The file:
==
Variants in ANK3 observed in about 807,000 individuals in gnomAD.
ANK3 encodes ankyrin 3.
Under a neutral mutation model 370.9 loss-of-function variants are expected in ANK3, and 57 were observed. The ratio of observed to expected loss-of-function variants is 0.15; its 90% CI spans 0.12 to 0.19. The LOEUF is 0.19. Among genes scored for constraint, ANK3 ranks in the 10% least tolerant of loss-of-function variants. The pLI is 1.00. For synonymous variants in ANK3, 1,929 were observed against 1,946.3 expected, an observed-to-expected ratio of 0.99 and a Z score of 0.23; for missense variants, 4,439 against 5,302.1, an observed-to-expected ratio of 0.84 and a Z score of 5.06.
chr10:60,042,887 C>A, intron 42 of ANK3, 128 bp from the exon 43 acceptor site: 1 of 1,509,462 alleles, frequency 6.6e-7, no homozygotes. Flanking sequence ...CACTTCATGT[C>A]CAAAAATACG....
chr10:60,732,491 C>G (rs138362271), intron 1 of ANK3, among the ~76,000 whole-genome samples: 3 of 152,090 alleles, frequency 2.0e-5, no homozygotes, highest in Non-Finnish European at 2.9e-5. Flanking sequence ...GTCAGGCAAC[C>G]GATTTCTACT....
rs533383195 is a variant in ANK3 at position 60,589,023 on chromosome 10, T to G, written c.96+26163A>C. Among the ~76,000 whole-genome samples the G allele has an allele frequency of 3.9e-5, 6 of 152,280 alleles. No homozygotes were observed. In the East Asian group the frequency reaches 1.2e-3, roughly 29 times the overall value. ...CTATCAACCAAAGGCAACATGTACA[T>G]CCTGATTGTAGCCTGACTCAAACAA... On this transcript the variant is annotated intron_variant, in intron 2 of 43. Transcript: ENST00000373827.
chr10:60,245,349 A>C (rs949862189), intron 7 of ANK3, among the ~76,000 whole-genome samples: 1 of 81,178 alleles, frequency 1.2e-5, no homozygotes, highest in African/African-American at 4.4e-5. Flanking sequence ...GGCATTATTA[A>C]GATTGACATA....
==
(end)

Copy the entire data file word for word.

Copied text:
Variants in ANK3 observed in about 807,000 individuals in gnomAD.
ANK3 encodes ankyrin 3.
Under a neutral mutation model 370.9 loss-of-function variants are expected in ANK3, and 57 were observed. The ratio of observed to expected loss-of-function variants is 0.15; its 90% CI spans 0.12 to 0.19. The LOEUF is 0.19. Among genes scored for constraint, ANK3 ranks in the 10% least tolerant of loss-of-function variants. The pLI is 1.00. For synonymous variants in ANK3, 1,929 were observed against 1,946.3 expected, an observed-to-expected ratio of 0.99 and a Z score of 0.23; for missense variants, 4,439 against 5,302.1, an observed-to-expected ratio of 0.84 and a Z score of 5.06.
chr10:60,042,887 C>A, intron 42 of ANK3, 128 bp from the exon 43 acceptor site: 1 of 1,509,462 alleles, frequency 6.6e-7, no homozygotes. Flanking sequence ...CACTTCATGT[C>A]CAAAAATACG....
chr10:60,732,491 C>G (rs138362271), intron 1 of ANK3, among the ~76,000 whole-genome samples: 3 of 152,090 alleles, frequency 2.0e-5, no homozygotes, highest in Non-Finnish European at 2.9e-5. Flanking sequence ...GTCAGGCAAC[C>G]GATTTCTACT....
rs533383195 is a variant in ANK3 at position 60,589,023 on chromosome 10, T to G, written c.96+26163A>C. Among the ~76,000 whole-genome samples the G allele has an allele frequency of 3.9e-5, 6 of 152,280 alleles. No homozygotes were observed. In the East Asian group the frequency reaches 1.2e-3, roughly 29 times the overall value. ...CTATCAACCAAAGGCAACATGTACA[T>G]CCTGATTGTAGCCTGACTCAAACAA... On this transcript the variant is annotated intron_variant, in intron 2 of 43. Transcript: ENST00000373827.
chr10:60,245,349 A>C (rs949862189), intron 7 of ANK3, among the ~76,000 whole-genome samples: 1 of 81,178 alleles, frequency 1.2e-5, no homozygotes, highest in African/African-American at 4.4e-5. Flanking sequence ...GGCATTATTA[A>C]GATTGACATA....